Medano Creek is a sinking stream, but of a different kind than we’re used to in the karst (eroded, effectively porous/fractured limestone-type) geology we’re used to in the southern Midwest. Here in southern central Colorado, the sandy, wind-deposited soil forces the stream aboveground here and there and lets it disappear to flow slowly through the sand elsewhere.
The snowmelt sediment and specific landform slope combine here to have a strange thing happen over and over in Medano Creek: the little dune-like riffles collapse and the current immediately rebuilds each, but *slightly upstream*. This is mighty unusual/rare. Normally dunes and other fluid-sculpted sediment deposits migrate downstream/downwind (“saltation” from the latin word for jumping), not up, as the flow takes a hold and transports each particle.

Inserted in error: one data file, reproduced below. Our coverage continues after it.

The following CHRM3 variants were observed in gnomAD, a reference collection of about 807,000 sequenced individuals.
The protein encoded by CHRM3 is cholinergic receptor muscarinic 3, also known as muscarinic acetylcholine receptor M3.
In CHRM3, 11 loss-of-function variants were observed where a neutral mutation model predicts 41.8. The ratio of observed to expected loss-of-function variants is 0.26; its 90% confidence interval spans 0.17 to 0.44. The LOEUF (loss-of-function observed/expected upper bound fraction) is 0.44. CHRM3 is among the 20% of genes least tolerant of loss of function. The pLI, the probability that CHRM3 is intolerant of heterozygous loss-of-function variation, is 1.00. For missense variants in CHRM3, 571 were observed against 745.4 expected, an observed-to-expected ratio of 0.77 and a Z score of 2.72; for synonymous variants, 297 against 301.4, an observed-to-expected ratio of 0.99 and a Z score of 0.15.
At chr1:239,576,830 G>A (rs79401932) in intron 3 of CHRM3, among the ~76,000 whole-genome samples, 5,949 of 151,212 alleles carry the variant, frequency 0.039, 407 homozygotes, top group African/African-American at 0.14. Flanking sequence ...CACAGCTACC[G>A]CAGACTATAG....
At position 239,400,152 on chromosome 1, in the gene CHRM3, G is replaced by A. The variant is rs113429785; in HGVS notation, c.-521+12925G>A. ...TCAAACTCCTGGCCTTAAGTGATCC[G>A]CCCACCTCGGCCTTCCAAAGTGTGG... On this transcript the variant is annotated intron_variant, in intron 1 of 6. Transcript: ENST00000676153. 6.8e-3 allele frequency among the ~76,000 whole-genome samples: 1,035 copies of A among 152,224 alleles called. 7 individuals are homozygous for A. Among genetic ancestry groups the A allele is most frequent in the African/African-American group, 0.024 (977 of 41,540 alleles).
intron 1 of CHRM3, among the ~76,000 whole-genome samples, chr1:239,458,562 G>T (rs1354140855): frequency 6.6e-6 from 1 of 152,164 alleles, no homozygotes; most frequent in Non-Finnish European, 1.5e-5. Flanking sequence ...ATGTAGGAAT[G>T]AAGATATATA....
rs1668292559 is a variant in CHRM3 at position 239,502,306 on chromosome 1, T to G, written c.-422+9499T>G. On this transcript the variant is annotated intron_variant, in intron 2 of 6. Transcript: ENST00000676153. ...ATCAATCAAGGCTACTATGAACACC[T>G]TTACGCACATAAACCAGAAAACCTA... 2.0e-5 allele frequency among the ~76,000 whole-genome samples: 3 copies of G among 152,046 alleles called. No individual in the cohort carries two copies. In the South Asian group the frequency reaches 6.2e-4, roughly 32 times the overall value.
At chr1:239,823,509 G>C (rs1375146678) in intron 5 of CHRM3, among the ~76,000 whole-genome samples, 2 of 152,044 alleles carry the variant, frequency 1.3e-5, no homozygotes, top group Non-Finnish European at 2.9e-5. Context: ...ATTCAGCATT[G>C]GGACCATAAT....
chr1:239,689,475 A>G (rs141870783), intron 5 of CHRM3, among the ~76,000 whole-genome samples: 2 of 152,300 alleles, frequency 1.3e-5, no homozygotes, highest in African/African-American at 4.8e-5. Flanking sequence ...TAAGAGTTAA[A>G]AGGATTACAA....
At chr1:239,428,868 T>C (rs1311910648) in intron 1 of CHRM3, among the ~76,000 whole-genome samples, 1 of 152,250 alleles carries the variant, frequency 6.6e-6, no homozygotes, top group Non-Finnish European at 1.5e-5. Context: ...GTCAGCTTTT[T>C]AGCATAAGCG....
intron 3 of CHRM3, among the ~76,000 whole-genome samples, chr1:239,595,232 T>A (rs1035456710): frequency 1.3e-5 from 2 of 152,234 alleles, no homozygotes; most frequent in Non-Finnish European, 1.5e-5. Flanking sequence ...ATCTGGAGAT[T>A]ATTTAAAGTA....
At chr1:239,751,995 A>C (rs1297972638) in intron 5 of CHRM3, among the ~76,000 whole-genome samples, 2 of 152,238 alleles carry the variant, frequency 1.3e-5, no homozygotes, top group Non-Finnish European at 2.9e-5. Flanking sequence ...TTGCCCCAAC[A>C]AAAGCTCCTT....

So, students, how would you have to manage this area’s onsite use and upper watersheds to protect this rare phenomenon’s existence and value at Great Sand Dunes National Park and Preserve?
Site: Medano Creek at Great Sand Dunes National Park & Preserve